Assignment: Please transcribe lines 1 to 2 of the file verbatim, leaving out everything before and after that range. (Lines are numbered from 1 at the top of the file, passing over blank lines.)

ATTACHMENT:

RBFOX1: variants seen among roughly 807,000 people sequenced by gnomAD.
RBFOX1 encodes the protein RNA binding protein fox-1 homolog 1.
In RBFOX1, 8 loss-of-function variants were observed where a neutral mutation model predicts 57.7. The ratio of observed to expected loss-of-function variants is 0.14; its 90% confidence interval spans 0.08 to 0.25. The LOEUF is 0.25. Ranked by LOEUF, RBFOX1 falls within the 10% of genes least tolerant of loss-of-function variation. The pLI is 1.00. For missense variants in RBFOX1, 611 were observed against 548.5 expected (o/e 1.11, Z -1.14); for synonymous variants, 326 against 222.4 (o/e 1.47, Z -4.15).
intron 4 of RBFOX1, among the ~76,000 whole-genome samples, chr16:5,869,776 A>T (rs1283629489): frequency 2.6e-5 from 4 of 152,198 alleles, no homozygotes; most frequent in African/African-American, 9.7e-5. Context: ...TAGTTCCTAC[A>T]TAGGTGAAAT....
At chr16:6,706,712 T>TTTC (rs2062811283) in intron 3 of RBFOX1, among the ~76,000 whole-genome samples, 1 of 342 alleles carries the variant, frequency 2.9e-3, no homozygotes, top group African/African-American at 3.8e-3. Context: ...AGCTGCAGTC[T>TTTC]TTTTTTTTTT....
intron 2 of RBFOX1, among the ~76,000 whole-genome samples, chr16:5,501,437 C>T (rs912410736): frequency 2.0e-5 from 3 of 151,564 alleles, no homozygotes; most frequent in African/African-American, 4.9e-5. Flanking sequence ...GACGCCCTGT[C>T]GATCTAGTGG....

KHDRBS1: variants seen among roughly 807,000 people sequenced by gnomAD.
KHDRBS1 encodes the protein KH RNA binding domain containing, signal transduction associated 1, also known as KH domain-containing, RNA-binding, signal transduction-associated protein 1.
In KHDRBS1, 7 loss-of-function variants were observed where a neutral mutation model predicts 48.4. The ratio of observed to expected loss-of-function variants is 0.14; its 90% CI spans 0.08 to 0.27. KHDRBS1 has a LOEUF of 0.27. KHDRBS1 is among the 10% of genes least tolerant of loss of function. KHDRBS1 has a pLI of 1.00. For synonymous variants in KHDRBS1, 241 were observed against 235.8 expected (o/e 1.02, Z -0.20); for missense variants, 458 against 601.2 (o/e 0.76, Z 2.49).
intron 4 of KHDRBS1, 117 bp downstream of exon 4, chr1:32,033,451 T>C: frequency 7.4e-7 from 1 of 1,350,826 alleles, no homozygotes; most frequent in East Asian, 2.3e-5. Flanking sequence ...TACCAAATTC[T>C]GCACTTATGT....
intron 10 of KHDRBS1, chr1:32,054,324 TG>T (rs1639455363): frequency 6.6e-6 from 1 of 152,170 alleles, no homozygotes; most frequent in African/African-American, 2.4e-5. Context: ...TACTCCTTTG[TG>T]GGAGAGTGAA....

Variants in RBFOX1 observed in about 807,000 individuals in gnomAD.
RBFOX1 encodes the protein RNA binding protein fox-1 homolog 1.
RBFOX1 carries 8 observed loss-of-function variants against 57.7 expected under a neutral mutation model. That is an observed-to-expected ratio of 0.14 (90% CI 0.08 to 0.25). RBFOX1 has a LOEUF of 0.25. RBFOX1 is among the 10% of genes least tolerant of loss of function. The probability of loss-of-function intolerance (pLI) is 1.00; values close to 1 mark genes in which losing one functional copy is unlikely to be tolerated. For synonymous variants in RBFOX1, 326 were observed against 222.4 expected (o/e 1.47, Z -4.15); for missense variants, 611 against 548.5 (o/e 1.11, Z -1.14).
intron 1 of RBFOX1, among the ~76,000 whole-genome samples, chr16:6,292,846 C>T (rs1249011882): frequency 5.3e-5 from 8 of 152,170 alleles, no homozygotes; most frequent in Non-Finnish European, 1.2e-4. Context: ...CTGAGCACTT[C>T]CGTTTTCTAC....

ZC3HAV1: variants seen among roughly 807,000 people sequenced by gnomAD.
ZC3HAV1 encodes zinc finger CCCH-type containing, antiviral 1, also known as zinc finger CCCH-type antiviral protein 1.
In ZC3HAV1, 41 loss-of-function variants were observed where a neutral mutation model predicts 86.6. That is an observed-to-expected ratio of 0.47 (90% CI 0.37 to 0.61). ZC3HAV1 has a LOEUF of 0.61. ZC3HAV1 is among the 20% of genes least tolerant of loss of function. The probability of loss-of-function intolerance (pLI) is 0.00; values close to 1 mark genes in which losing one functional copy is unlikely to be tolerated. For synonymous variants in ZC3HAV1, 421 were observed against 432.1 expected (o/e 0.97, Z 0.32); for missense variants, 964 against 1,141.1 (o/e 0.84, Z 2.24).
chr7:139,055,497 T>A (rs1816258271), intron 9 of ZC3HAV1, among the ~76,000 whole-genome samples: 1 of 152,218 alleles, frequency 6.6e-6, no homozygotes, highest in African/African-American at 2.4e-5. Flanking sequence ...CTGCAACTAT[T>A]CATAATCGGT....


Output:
RBFOX1: variants seen among roughly 807,000 people sequenced by gnomAD.
RBFOX1 encodes the protein RNA binding protein fox-1 homolog 1.